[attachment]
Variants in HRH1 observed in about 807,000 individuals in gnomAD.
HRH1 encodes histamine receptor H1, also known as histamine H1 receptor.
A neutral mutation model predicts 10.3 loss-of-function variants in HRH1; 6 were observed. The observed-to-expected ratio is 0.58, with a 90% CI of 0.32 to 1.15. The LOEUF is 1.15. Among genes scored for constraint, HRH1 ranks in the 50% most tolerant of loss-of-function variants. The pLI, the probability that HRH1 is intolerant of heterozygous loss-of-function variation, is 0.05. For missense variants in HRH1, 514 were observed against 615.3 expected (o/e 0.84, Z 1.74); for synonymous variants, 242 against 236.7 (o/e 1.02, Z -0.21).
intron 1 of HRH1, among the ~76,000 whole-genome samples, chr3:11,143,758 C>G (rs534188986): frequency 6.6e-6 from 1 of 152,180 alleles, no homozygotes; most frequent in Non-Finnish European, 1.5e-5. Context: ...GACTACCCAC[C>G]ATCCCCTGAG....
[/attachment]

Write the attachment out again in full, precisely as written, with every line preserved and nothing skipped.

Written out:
Variants in HRH1 observed in about 807,000 individuals in gnomAD.
HRH1 encodes histamine receptor H1, also known as histamine H1 receptor.
A neutral mutation model predicts 10.3 loss-of-function variants in HRH1; 6 were observed. The observed-to-expected ratio is 0.58, with a 90% CI of 0.32 to 1.15. The LOEUF is 1.15. Among genes scored for constraint, HRH1 ranks in the 50% most tolerant of loss-of-function variants. The pLI, the probability that HRH1 is intolerant of heterozygous loss-of-function variation, is 0.05. For missense variants in HRH1, 514 were observed against 615.3 expected (o/e 0.84, Z 1.74); for synonymous variants, 242 against 236.7 (o/e 1.02, Z -0.21).
intron 1 of HRH1, among the ~76,000 whole-genome samples, chr3:11,143,758 C>G (rs534188986): frequency 6.6e-6 from 1 of 152,180 alleles, no homozygotes; most frequent in Non-Finnish European, 1.5e-5. Context: ...GACTACCCAC[C>G]ATCCCCTGAG....